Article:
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Export Empire: German Soft Power in Southeastern Europe, 1890-1945 - New Studies in European History (Hardback)
  • Export Empire: German Soft Power in Southeastern Europe, 1890-1945 - New Studies in European History (Hardback)
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Export Empire: German Soft Power in Southeastern Europe, 1890-1945 - New Studies in European History (Hardback)

(author)
£67.99
Hardback 398 Pages / Published: 05/01/2016
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German imperialism in Europe evokes images of military aggression and ethnic cleansing. Yet, even under the Third Reich, Germans deployed more subtle forms of influence that can be called soft power or informal imperialism. Stephen G. Gross examines how, between 1918 and 1941, German businessmen and academics turned their nation - an economic wreck after World War I - into the single largest trading partner with the Balkan states, their primary source for development aid and their diplomatic patron. Building on traditions from the 1890s and working through transnational trade fairs, chambers of commerce, educational exchange programmes and development projects, Germans collaborated with Croatians, Serbians and Romanians to create a continental bloc, and to exclude Jews from commerce. By gaining access to critical resources during a global depression, the proponents of soft power enabled Hitler to militarise the German economy and helped make the Third Reich's territorial conquests after 1939 economically possible.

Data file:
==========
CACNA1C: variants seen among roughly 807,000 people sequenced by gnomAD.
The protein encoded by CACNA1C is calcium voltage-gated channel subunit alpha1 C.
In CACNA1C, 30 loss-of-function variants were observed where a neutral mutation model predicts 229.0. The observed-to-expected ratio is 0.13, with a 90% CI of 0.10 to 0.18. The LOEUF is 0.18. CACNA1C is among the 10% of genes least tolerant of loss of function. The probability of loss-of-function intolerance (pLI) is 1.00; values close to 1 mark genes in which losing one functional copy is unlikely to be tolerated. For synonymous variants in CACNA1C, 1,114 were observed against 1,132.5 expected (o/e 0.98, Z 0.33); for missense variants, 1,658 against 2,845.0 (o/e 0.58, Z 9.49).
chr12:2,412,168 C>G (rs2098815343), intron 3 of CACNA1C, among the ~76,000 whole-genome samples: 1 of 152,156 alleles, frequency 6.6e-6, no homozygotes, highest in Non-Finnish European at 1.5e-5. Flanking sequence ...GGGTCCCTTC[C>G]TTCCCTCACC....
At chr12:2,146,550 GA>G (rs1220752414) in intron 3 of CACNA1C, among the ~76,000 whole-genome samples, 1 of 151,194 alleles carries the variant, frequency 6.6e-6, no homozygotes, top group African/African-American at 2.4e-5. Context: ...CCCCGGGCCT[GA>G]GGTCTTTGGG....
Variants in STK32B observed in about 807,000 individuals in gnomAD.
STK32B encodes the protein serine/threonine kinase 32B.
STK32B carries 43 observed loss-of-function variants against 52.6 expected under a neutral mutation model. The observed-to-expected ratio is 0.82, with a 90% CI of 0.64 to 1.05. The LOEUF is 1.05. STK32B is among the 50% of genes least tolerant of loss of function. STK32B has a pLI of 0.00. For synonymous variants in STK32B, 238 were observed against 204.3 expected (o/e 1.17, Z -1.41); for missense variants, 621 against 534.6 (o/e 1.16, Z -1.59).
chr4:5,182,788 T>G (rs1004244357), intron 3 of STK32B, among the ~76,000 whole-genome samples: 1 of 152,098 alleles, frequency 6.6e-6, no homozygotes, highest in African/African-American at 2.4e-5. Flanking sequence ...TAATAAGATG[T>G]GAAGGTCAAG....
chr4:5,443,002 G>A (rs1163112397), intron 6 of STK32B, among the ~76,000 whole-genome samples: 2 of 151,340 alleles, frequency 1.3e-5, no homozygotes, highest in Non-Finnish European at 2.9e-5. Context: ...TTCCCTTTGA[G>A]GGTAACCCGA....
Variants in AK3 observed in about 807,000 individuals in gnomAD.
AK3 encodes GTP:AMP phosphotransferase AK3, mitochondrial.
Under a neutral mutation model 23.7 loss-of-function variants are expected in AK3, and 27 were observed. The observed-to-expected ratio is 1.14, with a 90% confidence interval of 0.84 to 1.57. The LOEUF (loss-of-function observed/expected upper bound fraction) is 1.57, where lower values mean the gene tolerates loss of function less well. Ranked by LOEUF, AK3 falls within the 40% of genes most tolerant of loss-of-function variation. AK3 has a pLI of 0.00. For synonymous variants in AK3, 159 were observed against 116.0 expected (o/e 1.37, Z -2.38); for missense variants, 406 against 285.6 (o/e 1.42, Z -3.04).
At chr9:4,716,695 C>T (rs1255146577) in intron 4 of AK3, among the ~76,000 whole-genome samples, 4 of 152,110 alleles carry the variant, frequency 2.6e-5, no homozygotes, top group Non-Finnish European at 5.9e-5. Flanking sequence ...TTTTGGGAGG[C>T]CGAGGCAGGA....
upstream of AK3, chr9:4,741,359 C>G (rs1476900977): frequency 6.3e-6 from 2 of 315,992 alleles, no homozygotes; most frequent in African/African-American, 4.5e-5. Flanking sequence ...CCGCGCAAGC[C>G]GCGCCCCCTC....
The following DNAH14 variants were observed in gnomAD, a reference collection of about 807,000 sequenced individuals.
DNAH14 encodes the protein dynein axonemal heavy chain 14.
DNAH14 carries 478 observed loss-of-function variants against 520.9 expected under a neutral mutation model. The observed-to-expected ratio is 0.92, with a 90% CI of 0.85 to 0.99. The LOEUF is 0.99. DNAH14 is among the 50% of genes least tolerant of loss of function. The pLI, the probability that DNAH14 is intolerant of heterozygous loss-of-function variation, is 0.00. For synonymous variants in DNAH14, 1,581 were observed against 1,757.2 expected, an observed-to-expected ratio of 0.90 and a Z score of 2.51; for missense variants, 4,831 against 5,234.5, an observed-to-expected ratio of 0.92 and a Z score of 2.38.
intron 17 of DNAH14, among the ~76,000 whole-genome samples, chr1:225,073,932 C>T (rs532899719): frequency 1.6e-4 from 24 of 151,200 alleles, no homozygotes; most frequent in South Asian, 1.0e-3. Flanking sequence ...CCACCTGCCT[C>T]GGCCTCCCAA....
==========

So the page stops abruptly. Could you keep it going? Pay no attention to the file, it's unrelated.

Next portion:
Publisher: Cambridge University Press
ISBN: 9781107112254
Number of pages: 398
Weight: 690 g
Dimensions: 228 x 152 x 26 mm


MEDIA REVIEWS
'Overall, this is an extremely valuable book for economic historians as it underlines that the study of international trade and economic development cannot be separated from the broader power struggle during the period 1890-1945. In doing so, the book sheds light on the previously unknown mechanisms that contributed to the rise of German empire at the heart of Europe, a process which eventually led to the Second World War. In this regard, it is likely to remain a key reference work for years to come on German imperial and economic history.' A. Coskun Tuncer, Economic History Review
'An absorbing portrait of German interest in Yugoslavia and Romania during the first half of the long twentieth century.' Patricia Clavin, The Journal of Modern History

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